Guttmacher Institute finds that 218 million women in low- and middle-income countries (LMICs) have an unmet need for modern contraception. In the 132 countries studied, the need is disproportionately high among adolescents aged 15–19 who want to avoid a pregnancy (43%, compared with 24% among all women aged 15–49). Fully meeting the needs for sexual and reproductive health care would result in immense health gains, including a reduction of about two-thirds in unintended pregnancies, unsafe abortions and maternal deaths. Commitment to providing this essential care for all women is critical to upholding sexual and reproductive rights during and after the COVID-19 pandemic.
Reducing unwanted pregnancies
The study, called Adding It Up, documents the sexual and reproductive health needs of 1.6 billion women of reproductive age (15–49) in 2019, the positive impacts of meeting those needs, and the costs associated with improving and expanding services. Each year, 111 million unintended pregnancies occur in LMICs, accounting for 49% of all pregnancies in those countries. Millions of people who give birth lack adequate pregnancy-related and newborn care, including 16 million women who do not receive necessary services to treat major obstetric complications. More than 35 million women have abortions in unsafe conditions and 133 million women need but do not receive treatment for one of the four major curable STIs.
“Our new data show that even before the COVID-19 pandemic, millions of people in countries with the fewest resources could not obtain lifesaving contraceptive, pregnancy-related and newborn care,” says Dr. Herminia Palacio, President and CEO of the Guttmacher Institute. “Unless the global community prioritizes essential sexual and reproductive health services now, the pandemic could severely exacerbate those needs.” Investing in sexual and reproductive health care would greatly reduce health risks for individuals and their families:
If all women in LMICs who want to avoid pregnancy were to use modern contraceptives and all pregnant women were to receive care that meets international standards, each year there would be:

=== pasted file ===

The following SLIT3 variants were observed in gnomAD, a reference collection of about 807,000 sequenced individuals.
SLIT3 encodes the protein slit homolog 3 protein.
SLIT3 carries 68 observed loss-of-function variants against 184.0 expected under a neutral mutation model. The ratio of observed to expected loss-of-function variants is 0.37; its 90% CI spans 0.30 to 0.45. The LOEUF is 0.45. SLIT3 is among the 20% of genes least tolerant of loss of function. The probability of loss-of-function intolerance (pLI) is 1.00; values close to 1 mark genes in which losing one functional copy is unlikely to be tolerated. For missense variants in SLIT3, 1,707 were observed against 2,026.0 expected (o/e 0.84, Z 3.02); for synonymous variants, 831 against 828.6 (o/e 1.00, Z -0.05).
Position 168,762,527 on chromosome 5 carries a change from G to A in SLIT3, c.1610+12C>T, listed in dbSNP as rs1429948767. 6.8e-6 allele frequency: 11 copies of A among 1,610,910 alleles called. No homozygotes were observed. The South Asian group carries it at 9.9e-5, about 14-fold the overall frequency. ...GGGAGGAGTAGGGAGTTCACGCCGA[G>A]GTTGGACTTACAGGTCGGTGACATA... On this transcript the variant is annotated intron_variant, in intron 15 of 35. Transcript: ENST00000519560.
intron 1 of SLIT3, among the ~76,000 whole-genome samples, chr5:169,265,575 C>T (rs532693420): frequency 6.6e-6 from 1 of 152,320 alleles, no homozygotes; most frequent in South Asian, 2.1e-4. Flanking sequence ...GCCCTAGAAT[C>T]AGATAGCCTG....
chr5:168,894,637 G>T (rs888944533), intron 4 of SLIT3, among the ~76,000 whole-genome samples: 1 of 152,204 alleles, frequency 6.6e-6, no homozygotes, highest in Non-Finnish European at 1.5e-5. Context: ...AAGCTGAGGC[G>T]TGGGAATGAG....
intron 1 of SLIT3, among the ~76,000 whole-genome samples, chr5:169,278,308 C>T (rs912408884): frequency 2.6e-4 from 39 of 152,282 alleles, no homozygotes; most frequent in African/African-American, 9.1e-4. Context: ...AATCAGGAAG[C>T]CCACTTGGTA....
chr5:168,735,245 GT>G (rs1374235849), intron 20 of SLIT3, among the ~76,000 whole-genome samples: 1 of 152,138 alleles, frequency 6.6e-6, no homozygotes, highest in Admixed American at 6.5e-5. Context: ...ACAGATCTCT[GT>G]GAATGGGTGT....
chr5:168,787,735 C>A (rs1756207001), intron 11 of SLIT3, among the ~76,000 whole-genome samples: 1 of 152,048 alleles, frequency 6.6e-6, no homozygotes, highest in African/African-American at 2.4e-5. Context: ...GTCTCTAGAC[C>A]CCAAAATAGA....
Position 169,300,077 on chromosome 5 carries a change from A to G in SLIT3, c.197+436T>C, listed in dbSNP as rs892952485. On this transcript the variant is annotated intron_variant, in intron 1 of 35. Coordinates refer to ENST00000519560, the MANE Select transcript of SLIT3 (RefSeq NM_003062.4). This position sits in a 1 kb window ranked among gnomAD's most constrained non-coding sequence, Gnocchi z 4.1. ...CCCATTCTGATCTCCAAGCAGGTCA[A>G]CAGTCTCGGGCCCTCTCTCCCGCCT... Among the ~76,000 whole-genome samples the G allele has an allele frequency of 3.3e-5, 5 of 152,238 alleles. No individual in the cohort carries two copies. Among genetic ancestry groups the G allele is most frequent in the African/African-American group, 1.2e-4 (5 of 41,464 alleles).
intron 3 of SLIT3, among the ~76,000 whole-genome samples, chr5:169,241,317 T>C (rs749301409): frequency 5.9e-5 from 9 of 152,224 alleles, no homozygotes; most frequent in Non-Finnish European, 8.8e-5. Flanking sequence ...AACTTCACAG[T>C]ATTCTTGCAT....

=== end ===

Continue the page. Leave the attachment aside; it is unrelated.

- 76 million fewer unintended pregnancies
- 26 million fewer unsafe abortions
- 186,000 fewer maternal deaths
If all mothers and newborns in LMICs were to receive recommended care, there would be 1.7 million fewer newborn deaths each year. If all women in LMICs received effective and timely treatment for STIs, the 3.5 million annual cases of infertility that are caused by untreated gonorrhea or chlamydia would be eliminated.
Estimates for better sexual health
These potential gains are well within reach. A package of care that would meet all women’s needs for modern contraception, pregnancy-related and newborn care, and treatment for the four major curable STIs would cost just $10.60 per capita per year in LMICs. This is only $4.80 more per capita compared to current costs. Crucially, these investments end up averting costs: Every $1 spent on contraceptive services beyond the current level would save about $3 in the cost of maternal, newborn and abortion care, because contraception reduces unintended pregnancies.
“It’s clear that public health emergencies like the one we are experiencing hit countries with limited resources the hardest, but setbacks are not inevitable,” says Dr. Elizabeth Sully, Senior Research Scientist at the Guttmacher Institute and one of the lead researchers on the study. “We know exactly what is required to dramatically improve sexual and reproductive health outcomes. Failing to act puts the lives and well-being of millions at risk.”
Inaction would have devastating consequences, economically, developmentally and from a human rights perspective. By investing in proven sexual and reproductive health interventions, countries can achieve progress toward their national health and development goals. They can also make greater strides toward achieving universal health coverage and the Sustainable Development Goals, which provide a critical blueprint for countries as they rebuild their health systems in the aftermath of the pandemic.